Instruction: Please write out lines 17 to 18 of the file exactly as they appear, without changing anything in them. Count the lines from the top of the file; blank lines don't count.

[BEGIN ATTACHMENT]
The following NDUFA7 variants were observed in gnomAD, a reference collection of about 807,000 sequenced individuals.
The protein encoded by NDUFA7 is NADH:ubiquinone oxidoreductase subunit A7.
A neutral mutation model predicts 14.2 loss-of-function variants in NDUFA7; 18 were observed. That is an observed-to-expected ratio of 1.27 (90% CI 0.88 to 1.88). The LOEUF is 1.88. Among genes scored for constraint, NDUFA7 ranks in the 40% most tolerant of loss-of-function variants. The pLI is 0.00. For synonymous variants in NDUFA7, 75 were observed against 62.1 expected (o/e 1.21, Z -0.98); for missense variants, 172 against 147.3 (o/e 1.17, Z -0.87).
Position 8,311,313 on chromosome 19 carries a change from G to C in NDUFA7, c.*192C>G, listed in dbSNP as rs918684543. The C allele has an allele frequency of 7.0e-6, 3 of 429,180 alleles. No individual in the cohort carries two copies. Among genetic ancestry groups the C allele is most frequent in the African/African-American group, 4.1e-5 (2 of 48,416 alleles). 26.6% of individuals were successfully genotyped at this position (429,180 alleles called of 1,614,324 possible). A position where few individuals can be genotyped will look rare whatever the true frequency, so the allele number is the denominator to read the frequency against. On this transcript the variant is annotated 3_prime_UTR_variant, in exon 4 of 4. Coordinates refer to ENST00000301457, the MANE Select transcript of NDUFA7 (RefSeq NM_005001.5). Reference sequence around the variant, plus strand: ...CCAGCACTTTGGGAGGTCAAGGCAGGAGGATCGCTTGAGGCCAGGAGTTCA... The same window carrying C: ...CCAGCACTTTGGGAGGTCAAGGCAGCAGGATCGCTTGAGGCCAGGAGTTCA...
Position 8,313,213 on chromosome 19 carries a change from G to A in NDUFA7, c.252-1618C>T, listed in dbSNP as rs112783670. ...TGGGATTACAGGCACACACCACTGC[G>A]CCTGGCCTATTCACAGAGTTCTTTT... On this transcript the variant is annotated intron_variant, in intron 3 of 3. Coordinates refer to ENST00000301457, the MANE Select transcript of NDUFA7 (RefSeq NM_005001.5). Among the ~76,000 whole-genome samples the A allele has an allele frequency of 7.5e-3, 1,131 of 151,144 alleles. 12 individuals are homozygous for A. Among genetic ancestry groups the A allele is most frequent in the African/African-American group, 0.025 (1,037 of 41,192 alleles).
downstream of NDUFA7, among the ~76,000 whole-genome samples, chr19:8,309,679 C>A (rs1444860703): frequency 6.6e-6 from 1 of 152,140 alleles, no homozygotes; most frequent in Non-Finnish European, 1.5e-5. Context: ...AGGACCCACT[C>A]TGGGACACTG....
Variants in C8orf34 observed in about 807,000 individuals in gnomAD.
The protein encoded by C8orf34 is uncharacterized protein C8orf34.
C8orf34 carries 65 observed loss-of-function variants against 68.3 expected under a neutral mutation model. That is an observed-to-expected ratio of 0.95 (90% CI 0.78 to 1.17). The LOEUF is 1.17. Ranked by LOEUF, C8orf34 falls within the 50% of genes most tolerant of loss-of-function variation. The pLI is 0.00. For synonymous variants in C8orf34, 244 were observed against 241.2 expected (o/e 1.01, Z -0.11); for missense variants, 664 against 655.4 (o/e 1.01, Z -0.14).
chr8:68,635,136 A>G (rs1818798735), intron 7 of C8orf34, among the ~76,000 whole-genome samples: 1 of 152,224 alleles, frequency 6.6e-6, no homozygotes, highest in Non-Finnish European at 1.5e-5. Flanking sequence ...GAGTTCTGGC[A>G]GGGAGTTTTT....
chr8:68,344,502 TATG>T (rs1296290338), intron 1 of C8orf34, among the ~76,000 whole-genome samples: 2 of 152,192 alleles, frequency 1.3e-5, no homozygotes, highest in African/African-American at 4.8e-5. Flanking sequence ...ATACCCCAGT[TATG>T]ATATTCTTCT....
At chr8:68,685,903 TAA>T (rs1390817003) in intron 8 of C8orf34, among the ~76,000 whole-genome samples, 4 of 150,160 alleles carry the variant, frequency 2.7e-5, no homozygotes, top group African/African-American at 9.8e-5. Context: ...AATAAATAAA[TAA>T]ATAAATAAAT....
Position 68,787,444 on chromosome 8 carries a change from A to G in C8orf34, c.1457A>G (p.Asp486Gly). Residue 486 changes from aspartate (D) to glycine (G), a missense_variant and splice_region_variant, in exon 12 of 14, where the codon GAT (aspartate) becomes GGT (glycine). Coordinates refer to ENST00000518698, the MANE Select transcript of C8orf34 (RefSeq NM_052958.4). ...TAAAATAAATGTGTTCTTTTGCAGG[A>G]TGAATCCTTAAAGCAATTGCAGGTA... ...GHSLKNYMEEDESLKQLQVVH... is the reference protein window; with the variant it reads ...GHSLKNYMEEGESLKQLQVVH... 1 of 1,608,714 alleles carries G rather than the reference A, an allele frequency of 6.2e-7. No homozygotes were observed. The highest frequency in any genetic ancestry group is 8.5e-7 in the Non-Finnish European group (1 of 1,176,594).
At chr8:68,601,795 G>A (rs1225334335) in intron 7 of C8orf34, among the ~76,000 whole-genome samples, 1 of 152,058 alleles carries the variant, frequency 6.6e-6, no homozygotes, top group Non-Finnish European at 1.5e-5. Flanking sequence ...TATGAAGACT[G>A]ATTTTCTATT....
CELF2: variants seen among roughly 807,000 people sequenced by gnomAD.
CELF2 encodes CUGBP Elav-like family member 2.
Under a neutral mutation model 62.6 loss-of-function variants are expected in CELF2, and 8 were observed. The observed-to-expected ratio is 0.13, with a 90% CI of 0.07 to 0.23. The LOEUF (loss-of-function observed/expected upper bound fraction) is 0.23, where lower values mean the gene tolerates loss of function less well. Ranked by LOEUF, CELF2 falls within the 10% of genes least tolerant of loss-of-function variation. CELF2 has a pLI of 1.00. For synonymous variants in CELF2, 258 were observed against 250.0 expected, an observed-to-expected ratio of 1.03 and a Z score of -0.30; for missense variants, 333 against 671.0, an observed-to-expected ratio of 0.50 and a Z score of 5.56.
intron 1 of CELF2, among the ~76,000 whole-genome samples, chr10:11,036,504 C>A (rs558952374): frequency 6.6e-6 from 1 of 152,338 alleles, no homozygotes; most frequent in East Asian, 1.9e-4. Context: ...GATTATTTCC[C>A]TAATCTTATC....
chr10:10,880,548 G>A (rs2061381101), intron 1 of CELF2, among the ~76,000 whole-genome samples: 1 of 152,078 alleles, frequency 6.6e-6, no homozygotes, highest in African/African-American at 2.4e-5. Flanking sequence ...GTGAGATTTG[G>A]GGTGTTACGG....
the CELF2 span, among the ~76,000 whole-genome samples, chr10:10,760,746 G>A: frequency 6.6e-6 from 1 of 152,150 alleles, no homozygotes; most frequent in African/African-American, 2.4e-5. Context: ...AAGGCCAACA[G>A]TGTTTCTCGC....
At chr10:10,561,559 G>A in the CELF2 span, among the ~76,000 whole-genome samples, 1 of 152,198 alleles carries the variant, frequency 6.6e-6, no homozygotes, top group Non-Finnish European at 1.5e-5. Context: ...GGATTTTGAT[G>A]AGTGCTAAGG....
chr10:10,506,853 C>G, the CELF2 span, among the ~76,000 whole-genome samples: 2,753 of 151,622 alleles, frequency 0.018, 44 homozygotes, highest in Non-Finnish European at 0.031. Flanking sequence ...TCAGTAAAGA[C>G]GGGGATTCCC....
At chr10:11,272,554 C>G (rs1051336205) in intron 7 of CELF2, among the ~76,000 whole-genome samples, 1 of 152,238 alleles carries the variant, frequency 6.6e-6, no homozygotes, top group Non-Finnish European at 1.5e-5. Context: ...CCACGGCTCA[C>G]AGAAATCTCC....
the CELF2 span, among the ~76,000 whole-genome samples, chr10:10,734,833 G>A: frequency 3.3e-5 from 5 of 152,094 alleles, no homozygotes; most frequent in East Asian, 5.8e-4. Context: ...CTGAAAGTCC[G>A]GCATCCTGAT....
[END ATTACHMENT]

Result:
Under a neutral mutation model 62.6 loss-of-function variants are expected in CELF2, and 8 were observed. The observed-to-expected ratio is 0.13, with a 90% CI of 0.07 to 0.23. The LOEUF (loss-of-function observed/expected upper bound fraction) is 0.23, where lower values mean the gene tolerates loss of function less well. Ranked by LOEUF, CELF2 falls within the 10% of genes least tolerant of loss-of-function variation. CELF2 has a pLI of 1.00. For synonymous variants in CELF2, 258 were observed against 250.0 expected, an observed-to-expected ratio of 1.03 and a Z score of -0.30; for missense variants, 333 against 671.0, an observed-to-expected ratio of 0.50 and a Z score of 5.56.
intron 1 of CELF2, among the ~76,000 whole-genome samples, chr10:11,036,504 C>A (rs558952374): frequency 6.6e-6 from 1 of 152,338 alleles, no homozygotes; most frequent in East Asian, 1.9e-4. Context: ...GATTATTTCC[C>A]TAATCTTATC....